Rivlin has rejected both Gantz and Netanyahu, giving the two of them the firm, drop-dead deadline that politicians really need in order to be forced to make decisions.
By GIL HOFFMAN, JPOST
APRIL 12, 2020 21:21
Israeli President Reuven Rivlin attends Germany’s lower house of parliament, the Bundestag, to commemorate the victims of the Nazi dictatorship, in Berlin, Germany January 29, 2020. (photo credit: MICHELE TANTUSSI / REUTERS)
President Reuven Rivlin attempted to recover from the backlash against him disregarding Health Ministry directives by hosting his daughter for the Seder on Sunday when he sought to recover the mantle of the “responsible adult” in handling the ongoing political crisis.
Rivlin could have taken the easy way out and given Blue and White leader Benny Gantz two more weeks to form a government. After all, he had a good case that Passover prevented a deal from being closed.
The president could have also taken the even easier way out and given the mandate to Prime Minister Benjamin Netanyahu, who in any case would go first in a rotation with Gantz in the Prime Minister’s Office.
But he realized that both decisions would have been a mistake. Gantz had lost the support of more than half the MKs who recommended he form the government. Netanyahu has a habit of stalling until the last moment in order to squeeze what he can out of any political lemon.
Instead, he rejected both Gantz and Netanyahu and gave the two of them the firm, drop-dead deadline that politicians really need in order to be forced to make decisions. He turned the spotlight on the two would-be prime ministers and told them: “You make the decision between a unity government and a fourth election during a debilitating pandemic.”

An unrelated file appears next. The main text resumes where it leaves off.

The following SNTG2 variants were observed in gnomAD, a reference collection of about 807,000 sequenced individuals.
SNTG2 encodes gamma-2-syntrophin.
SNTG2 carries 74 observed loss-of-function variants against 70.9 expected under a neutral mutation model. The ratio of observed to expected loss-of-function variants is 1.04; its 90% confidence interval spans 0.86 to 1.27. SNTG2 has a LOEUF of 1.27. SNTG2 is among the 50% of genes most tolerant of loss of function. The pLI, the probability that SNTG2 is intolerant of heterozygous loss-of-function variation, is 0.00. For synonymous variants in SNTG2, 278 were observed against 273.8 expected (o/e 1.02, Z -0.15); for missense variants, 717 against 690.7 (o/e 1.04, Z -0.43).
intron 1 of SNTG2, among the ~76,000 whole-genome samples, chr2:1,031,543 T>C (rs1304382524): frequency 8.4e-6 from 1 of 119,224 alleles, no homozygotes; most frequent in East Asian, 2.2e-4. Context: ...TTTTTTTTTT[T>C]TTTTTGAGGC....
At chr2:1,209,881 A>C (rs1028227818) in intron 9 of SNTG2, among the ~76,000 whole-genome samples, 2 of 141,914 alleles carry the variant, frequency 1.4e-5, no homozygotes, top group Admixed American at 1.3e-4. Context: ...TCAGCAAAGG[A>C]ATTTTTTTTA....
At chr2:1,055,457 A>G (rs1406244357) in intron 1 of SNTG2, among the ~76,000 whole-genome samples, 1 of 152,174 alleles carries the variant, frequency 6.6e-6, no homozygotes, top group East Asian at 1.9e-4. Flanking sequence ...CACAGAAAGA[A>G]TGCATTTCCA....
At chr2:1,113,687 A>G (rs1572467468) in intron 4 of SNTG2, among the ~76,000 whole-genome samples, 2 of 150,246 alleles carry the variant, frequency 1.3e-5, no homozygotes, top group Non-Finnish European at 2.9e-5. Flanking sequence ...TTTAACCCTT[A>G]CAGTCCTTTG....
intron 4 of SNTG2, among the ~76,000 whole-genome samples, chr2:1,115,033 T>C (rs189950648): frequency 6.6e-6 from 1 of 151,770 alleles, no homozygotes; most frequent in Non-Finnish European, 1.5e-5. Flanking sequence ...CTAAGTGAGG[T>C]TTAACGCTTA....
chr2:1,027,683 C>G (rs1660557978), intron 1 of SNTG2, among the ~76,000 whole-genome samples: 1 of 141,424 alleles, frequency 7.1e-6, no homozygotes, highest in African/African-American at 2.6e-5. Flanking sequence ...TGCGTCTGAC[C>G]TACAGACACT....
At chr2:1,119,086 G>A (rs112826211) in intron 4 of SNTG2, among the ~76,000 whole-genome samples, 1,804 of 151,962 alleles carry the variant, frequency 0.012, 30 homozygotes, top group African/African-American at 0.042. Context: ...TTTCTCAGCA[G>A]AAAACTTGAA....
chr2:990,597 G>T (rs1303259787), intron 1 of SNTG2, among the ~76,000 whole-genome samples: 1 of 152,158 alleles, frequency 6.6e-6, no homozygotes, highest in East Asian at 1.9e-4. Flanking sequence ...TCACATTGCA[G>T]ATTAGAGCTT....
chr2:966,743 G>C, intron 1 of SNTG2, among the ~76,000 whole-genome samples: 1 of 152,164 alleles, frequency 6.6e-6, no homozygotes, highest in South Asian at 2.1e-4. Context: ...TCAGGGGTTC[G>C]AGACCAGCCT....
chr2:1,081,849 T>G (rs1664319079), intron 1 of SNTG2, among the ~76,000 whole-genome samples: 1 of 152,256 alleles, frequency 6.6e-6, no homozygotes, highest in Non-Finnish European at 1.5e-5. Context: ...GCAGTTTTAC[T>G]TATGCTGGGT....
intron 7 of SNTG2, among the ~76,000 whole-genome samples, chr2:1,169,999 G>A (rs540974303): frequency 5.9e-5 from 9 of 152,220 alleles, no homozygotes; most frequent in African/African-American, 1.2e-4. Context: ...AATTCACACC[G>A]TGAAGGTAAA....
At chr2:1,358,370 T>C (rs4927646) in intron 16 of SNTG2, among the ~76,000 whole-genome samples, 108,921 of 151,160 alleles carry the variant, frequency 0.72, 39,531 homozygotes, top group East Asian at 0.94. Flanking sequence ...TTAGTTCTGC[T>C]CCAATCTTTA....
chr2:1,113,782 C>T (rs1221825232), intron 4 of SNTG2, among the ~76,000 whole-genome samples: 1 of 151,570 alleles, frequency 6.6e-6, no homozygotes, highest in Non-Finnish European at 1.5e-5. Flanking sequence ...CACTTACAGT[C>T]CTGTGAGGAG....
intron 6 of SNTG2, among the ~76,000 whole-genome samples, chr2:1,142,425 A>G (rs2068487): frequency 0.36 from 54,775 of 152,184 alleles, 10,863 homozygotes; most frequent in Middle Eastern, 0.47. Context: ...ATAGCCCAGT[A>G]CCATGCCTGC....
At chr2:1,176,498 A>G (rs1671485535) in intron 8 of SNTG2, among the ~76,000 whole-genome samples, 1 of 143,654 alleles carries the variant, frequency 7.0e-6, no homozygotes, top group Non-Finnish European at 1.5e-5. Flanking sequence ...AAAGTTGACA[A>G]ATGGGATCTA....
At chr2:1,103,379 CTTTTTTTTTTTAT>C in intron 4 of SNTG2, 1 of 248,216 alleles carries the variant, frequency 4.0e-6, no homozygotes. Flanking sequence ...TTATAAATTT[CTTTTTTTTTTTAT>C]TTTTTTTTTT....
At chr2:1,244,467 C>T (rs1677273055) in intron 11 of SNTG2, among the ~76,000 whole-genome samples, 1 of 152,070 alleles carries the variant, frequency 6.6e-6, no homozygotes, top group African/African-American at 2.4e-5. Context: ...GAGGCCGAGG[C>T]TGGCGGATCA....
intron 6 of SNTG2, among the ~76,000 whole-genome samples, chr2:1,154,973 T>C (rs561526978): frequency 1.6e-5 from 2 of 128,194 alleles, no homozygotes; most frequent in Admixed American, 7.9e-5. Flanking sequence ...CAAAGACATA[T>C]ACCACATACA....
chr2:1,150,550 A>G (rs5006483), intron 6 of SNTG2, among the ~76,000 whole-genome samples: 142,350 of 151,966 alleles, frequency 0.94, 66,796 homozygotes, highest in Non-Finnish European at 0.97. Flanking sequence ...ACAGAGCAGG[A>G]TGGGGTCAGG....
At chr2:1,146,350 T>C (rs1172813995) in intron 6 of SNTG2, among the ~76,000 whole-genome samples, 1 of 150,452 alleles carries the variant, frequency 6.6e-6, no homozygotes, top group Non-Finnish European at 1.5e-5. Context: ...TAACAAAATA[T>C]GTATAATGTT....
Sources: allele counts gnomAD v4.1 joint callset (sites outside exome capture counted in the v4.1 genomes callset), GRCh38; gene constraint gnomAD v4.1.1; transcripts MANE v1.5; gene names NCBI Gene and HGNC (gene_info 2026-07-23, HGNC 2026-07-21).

It is obvious what choice the public prefers after more than 100 deaths and 11,000 coronavirus cases. It is debatable whether an election could even be held, even if it is delayed until the latest possible date in September.
There are barely enough of the spaceman-like suits to protect medical professionals in Israel. Imagine trying to get enough of those for all the Central Elections Committee secretaries who would be needed to man the more than 10,000 polling stations across the country.
Both Likud and Blue and White admit privately that the other options that have been raised do not really exist.
Gantz is not going to pass the anti-Netanyahu legislation that would prevent the prime minister from forming a government that the Blue and White leader has been threatening for two months. He will also not form a minority government backed by the Joint List. He had a choice of taking both of those steps before breaking up his party and deciding against them.
Netanyahu is not going to get two more MKs to join the 59 in his center-right bloc to help him form a government without Blue and White. Labor MKs Amir Peretz and Itzik Shmuli will not come without Gantz.
As for right-wing MKs Yoaz Hendel and Tzvi Hauser, who ran with Blue and White for three elections – they have put their integrity on the line for a unity government. Hendel warned on Sunday that Netanyahu could miss a historic opportunity to apply sovereignty to Judea and Samaria if he does not have Gantz in his government.
Perhaps Hendel and Hauser would change their minds if the 21 days when any MK can form a government are almost over and they are the ones who will decide between an election and a Netanyahu-led government without Gantz. But we are not there yet.
All Gantz has to do is give Netanyahu some kind of guarantee that he will be his guarantee to prevent the Supreme Court from ruling that he cannot form a government and a deal can be reached by Monday. There are multiple ways of doing that, from passing bills to Gantz testifying before the judges.
If Rivlin succeeds at saving the country from six more wasteful weeks of political stalling, he will be remembered as the country’s savior. And if he prevents Israelis from eating more bitter herbs from their politicians, no one will recall who asked him the four questions.